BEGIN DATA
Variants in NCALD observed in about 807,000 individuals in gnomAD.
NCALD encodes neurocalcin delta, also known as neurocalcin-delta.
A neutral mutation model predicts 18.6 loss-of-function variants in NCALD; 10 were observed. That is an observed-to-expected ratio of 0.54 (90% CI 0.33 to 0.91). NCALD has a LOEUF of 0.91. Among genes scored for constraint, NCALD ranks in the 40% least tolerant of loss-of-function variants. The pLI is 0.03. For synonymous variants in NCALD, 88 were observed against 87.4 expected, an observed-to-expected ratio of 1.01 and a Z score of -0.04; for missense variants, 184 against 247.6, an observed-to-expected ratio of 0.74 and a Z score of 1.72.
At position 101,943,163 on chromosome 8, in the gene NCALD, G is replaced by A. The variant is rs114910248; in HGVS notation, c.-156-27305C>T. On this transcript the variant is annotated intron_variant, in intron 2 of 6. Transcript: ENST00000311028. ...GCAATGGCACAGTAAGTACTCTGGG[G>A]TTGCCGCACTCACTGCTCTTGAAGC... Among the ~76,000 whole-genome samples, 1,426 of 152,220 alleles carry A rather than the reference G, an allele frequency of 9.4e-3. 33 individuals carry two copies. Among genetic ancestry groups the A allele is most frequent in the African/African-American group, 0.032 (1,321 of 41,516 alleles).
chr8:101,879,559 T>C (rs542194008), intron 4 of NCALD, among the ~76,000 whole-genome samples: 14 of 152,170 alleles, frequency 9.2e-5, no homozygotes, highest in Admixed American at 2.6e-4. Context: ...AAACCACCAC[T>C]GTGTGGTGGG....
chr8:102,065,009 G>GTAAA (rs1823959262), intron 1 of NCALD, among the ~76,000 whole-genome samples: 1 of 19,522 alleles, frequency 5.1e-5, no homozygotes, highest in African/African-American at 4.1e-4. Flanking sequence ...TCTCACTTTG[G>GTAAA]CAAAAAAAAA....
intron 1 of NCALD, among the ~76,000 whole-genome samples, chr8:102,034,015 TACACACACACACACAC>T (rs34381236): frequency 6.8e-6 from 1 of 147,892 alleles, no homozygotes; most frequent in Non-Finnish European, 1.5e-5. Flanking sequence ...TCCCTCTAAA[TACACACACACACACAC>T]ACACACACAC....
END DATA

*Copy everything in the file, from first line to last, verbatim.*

Variants in NCALD observed in about 807,000 individuals in gnomAD.
NCALD encodes neurocalcin delta, also known as neurocalcin-delta.
A neutral mutation model predicts 18.6 loss-of-function variants in NCALD; 10 were observed. That is an observed-to-expected ratio of 0.54 (90% CI 0.33 to 0.91). NCALD has a LOEUF of 0.91. Among genes scored for constraint, NCALD ranks in the 40% least tolerant of loss-of-function variants. The pLI is 0.03. For synonymous variants in NCALD, 88 were observed against 87.4 expected, an observed-to-expected ratio of 1.01 and a Z score of -0.04; for missense variants, 184 against 247.6, an observed-to-expected ratio of 0.74 and a Z score of 1.72.
At position 101,943,163 on chromosome 8, in the gene NCALD, G is replaced by A. The variant is rs114910248; in HGVS notation, c.-156-27305C>T. On this transcript the variant is annotated intron_variant, in intron 2 of 6. Transcript: ENST00000311028. ...GCAATGGCACAGTAAGTACTCTGGG[G>A]TTGCCGCACTCACTGCTCTTGAAGC... Among the ~76,000 whole-genome samples, 1,426 of 152,220 alleles carry A rather than the reference G, an allele frequency of 9.4e-3. 33 individuals carry two copies. Among genetic ancestry groups the A allele is most frequent in the African/African-American group, 0.032 (1,321 of 41,516 alleles).
chr8:101,879,559 T>C (rs542194008), intron 4 of NCALD, among the ~76,000 whole-genome samples: 14 of 152,170 alleles, frequency 9.2e-5, no homozygotes, highest in Admixed American at 2.6e-4. Context: ...AAACCACCAC[T>C]GTGTGGTGGG....
chr8:102,065,009 G>GTAAA (rs1823959262), intron 1 of NCALD, among the ~76,000 whole-genome samples: 1 of 19,522 alleles, frequency 5.1e-5, no homozygotes, highest in African/African-American at 4.1e-4. Flanking sequence ...TCTCACTTTG[G>GTAAA]CAAAAAAAAA....
intron 1 of NCALD, among the ~76,000 whole-genome samples, chr8:102,034,015 TACACACACACACACAC>T (rs34381236): frequency 6.8e-6 from 1 of 147,892 alleles, no homozygotes; most frequent in Non-Finnish European, 1.5e-5. Flanking sequence ...TCCCTCTAAA[TACACACACACACACAC>T]ACACACACAC....